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Looking back at Stonewall

A first-person account of the raid on New York City's Stonewall Inn in June 1969

THE ENDURING SPIRIT OF STONEWALL. A plaque unveiled on Jul 25, 1978 in commemoration of the Stonewall riots. It disappeared less than 24 hours later. Credit: Victor Parker/Stonewallmemorial.org

By a quirk of fate I walked past the Stonewall Inn twice that early Saturday morning of Jun 28, 1969.

I was then a 22-year-old student at Columbia University. I lived near Columbia on the upper west side near Spanish Harlem but visited the village for late-night cruising at International Stud, where sexual partners were easily found in the backroom.

I went to the Stonewall once or twice but it wasn’t my cup of tea then. It was basically a hustler and drag queen bar, two things that didn’t interest me as a college student looking for hot sex with other young attractive men.

On that fateful night I got off the subway at Sheridan Square right in the heart of the funky village and just across the street from the Stonewall Inn. I was amazed by the number of cop cars outside the bar. Obviously a major police raid was under way. I was a member of the fledgling Columbia Homophile Association (a tepid activist campus group at the time) but I was not a gay activist. I watched in the crowd for a while as police brought out drag queens, hustlers and other patrons, some of whom resisted their arrests. But the cops had yet to take control of the bar.

I went on to the Stud and met a young handsome New York University philosophy student who invited me to his village apartment. I remember that he surprised me by wanting to be aggressively fucked all night long.

In the early morning hours I made my way again to Sheridan Square subway on my way home and was amazed to see that police were still fighting to take control of the Stonewall Inn. I could see cops still dragging patrons from the bar. I watched the surreal scene for half an hour before boarding the subway home.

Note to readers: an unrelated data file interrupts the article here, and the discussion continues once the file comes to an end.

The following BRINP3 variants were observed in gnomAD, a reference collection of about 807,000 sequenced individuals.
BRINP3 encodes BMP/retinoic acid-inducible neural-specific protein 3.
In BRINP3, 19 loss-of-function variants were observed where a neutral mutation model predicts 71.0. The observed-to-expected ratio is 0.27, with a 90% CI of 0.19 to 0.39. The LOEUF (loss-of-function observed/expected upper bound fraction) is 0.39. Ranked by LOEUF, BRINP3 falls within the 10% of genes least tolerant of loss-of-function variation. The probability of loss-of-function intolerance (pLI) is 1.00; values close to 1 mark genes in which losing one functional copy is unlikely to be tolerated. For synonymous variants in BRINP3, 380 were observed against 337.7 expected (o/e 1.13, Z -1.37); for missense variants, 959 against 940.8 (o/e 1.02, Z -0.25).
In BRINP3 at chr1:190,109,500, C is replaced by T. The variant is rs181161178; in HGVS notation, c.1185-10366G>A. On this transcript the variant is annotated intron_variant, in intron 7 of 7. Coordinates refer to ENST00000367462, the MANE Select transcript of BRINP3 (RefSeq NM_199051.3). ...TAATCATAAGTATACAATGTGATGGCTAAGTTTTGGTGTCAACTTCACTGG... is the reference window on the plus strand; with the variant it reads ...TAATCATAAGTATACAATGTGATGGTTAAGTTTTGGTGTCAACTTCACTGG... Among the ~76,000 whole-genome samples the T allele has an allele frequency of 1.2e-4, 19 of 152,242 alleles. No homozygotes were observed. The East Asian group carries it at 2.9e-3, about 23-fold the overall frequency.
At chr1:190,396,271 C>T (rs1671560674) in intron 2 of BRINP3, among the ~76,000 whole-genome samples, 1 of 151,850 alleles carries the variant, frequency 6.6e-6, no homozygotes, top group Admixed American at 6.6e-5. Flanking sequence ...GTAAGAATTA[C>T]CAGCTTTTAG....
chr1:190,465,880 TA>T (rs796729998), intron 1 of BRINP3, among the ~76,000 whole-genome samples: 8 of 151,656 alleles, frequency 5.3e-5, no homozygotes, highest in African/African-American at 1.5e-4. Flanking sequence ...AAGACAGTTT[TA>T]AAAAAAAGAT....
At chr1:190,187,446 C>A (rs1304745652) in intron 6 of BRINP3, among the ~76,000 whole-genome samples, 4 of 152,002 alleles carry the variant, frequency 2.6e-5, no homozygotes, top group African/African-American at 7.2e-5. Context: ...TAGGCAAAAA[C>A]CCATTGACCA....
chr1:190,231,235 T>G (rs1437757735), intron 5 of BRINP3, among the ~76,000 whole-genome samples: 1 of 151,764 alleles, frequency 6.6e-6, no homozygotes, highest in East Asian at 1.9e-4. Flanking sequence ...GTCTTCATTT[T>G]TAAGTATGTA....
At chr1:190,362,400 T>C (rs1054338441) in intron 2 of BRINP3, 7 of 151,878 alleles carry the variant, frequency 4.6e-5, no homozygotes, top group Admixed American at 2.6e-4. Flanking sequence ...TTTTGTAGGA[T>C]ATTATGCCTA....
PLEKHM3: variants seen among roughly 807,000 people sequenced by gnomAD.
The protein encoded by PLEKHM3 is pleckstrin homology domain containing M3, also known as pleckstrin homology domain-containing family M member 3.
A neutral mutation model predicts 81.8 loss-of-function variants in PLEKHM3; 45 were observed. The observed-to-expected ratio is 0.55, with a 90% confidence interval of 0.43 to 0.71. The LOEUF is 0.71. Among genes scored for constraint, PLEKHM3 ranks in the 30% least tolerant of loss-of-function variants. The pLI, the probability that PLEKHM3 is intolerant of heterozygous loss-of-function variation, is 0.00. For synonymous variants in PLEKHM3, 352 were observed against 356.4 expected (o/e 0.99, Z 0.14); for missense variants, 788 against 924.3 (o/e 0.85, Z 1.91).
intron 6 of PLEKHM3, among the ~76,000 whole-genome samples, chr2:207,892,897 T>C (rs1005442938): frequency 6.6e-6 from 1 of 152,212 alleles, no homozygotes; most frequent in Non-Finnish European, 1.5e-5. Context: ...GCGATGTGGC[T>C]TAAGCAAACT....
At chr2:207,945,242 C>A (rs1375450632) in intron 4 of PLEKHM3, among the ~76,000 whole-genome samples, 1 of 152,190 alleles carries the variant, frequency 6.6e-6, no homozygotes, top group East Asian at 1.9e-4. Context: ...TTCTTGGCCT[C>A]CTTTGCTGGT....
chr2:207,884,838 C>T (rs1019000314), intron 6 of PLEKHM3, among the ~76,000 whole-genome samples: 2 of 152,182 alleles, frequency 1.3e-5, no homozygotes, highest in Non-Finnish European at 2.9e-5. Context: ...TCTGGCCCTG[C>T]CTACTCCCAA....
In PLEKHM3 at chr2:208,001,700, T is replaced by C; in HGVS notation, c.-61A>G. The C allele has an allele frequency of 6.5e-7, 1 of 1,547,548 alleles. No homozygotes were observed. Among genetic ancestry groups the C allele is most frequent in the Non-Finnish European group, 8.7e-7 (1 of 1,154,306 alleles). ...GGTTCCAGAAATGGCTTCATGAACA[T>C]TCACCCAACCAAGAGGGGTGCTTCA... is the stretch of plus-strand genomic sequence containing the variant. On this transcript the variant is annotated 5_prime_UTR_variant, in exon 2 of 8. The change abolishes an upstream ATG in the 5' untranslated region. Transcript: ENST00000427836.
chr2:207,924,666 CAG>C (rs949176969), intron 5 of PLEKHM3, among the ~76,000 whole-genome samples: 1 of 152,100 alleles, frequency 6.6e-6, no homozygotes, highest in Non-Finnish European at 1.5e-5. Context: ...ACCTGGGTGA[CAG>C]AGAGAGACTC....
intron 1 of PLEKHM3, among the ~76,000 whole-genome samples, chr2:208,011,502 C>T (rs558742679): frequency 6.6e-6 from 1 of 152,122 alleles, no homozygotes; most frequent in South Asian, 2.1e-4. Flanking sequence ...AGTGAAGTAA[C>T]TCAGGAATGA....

It was dramatic but not unusual for New York City at that time. We had had many anti-Vietnam-War demonstrations at Columbia that year, complete with police brutality. Stonewall happened just a year after the big “riot” at Columbia in which hundreds of cops bashed and arrested hundreds of students who had occupied many of the university’s buildings.

Student activist leaders like Mark Rudd, the head of the local chapter of Students for a Democratic Society (SDS), regularly urged resistance and revolution in incendiary speeches to students. Rudd once blanketed the campus with flyers urging students to seize the college libraries and distribute the books to the poor people of Harlem.

In the context of the time the raid on the Stonewall Inn didn’t look to me like that big of a deal. Though it was unique to see gays resisting police harassment and arrest; previously only black and antiwar leaders and students seemed to fight with the cops. And the New York Times’ story about the Stonewall incident ran below the fold on the front page the next day. It was not the top story.

There was a lot of debate among gays in New York at the time about the resistance tactics employed at Stonewall. Many believed violence was the wrong strategy but all of us wanted to do something about our oppression and the secretive way we had to lead our lives.

Forty years later it is appalling for me to see Pride Toronto announce that it is an apolitical organization that takes no positions. It is equally amazing to see that gay groups, such as Queers Against Israeli Apartheid (QuAIA), are told they need to seek permission to march.

In the old days one did not need permission to march and because of the revolutionary nature of the liberation movement in ’69 and the ’70s, all groups were allowed to demonstrate and march in gay protests including leathermen, drag queens, hustlers and pederasts. After all we were all oppressed, we were all outsiders and we were all welcome to participate in the protests and demonstrations. And we didn’t ask permission, we just did it.

It is a shame that Pride Toronto has so badly lost touch with its dissident roots. We — even in today’s more tightly regulated LGBT communities — are still outsiders: drag queens, leather queens, hustlers, dykes, trannies, poly people and intergenerational sex enthusiasts and even those against what they perceive as apartheid in Israel and oppression of Palestinians.

We have come a long way but we still identify as outsiders who are not allowed full membership in our communities of sexual liberation. After all we didn’t fight all these decades just to ape heterosexuals and participate in their dysfunctional institutions. We are different: gay, radical and outsiders, not wanting to assimilate into boring heterosexual culture. It seems we still have a long way to go for true gay liberation.


James Dubro has been a Toronto-based author and documentarian on crime for more than three decades. He is a longtime contributor to Xtra.